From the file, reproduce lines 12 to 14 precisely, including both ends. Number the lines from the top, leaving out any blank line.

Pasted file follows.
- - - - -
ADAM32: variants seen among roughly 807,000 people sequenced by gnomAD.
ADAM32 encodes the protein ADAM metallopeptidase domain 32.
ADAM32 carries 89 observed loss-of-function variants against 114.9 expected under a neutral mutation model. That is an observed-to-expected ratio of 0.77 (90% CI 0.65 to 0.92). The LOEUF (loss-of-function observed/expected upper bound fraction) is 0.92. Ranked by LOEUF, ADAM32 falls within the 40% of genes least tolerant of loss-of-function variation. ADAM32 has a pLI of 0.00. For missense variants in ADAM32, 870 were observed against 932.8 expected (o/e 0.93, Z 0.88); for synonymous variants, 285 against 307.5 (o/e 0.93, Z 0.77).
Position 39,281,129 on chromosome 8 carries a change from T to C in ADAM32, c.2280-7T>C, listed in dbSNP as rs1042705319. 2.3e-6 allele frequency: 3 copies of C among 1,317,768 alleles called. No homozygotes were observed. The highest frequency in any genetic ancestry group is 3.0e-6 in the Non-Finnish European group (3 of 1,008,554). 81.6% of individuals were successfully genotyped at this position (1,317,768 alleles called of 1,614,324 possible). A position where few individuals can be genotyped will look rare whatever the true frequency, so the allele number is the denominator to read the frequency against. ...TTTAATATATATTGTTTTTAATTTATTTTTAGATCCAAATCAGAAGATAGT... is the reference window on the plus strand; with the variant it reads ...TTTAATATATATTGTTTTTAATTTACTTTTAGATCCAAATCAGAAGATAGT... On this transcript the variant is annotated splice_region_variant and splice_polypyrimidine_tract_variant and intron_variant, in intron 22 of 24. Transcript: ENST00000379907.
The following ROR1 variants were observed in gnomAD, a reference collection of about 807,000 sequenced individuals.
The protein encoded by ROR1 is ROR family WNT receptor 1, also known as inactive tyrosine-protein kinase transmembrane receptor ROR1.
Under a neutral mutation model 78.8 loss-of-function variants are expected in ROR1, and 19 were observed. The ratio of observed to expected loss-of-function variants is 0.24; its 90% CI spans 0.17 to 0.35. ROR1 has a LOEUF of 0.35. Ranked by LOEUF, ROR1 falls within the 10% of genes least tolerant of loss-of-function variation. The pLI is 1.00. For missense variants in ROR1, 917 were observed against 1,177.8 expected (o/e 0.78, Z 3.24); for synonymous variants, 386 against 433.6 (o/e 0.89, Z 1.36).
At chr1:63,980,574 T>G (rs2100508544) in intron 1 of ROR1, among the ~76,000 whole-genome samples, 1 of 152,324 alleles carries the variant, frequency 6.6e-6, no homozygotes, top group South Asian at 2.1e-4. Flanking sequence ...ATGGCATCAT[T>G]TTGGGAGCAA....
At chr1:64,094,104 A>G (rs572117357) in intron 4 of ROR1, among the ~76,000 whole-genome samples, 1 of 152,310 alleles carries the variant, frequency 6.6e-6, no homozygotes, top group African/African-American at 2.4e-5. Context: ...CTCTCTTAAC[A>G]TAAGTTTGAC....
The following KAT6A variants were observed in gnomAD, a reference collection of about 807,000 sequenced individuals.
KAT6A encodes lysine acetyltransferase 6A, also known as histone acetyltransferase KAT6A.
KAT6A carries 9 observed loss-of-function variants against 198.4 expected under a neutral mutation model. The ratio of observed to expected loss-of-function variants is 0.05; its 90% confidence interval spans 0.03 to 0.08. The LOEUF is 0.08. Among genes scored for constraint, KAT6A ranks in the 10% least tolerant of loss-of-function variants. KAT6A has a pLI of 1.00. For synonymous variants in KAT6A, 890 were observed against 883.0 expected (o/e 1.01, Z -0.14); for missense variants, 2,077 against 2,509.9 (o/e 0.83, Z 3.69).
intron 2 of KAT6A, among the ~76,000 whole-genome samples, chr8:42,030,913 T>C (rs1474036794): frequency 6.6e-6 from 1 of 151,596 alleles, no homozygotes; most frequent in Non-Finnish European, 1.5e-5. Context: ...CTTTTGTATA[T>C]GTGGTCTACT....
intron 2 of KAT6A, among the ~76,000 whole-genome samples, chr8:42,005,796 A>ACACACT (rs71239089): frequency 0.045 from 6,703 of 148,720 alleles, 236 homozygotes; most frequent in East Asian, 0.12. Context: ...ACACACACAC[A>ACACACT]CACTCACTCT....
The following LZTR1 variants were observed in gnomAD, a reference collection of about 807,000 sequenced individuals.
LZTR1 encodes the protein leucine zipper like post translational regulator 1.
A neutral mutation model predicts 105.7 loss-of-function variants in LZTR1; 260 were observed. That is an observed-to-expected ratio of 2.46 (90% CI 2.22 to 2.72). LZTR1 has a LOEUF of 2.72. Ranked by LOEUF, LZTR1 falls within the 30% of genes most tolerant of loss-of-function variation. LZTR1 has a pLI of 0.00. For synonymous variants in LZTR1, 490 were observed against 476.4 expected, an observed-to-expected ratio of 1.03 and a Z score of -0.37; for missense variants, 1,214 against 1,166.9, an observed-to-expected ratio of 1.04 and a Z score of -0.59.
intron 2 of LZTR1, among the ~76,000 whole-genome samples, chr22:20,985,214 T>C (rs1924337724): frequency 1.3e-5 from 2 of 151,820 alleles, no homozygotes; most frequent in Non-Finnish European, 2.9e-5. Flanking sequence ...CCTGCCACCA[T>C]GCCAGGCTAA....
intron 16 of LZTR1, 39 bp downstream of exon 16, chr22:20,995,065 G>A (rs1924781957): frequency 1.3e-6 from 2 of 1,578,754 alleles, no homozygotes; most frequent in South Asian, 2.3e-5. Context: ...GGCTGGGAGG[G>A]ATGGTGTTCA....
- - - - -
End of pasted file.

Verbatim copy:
KAT6A carries 9 observed loss-of-function variants against 198.4 expected under a neutral mutation model. The ratio of observed to expected loss-of-function variants is 0.05; its 90% confidence interval spans 0.03 to 0.08. The LOEUF is 0.08. Among genes scored for constraint, KAT6A ranks in the 10% least tolerant of loss-of-function variants. KAT6A has a pLI of 1.00. For synonymous variants in KAT6A, 890 were observed against 883.0 expected (o/e 1.01, Z -0.14); for missense variants, 2,077 against 2,509.9 (o/e 0.83, Z 3.69).
intron 2 of KAT6A, among the ~76,000 whole-genome samples, chr8:42,030,913 T>C (rs1474036794): frequency 6.6e-6 from 1 of 151,596 alleles, no homozygotes; most frequent in Non-Finnish European, 1.5e-5. Context: ...CTTTTGTATA[T>C]GTGGTCTACT....
intron 2 of KAT6A, among the ~76,000 whole-genome samples, chr8:42,005,796 A>ACACACT (rs71239089): frequency 0.045 from 6,703 of 148,720 alleles, 236 homozygotes; most frequent in East Asian, 0.12. Context: ...ACACACACAC[A>ACACACT]CACTCACTCT....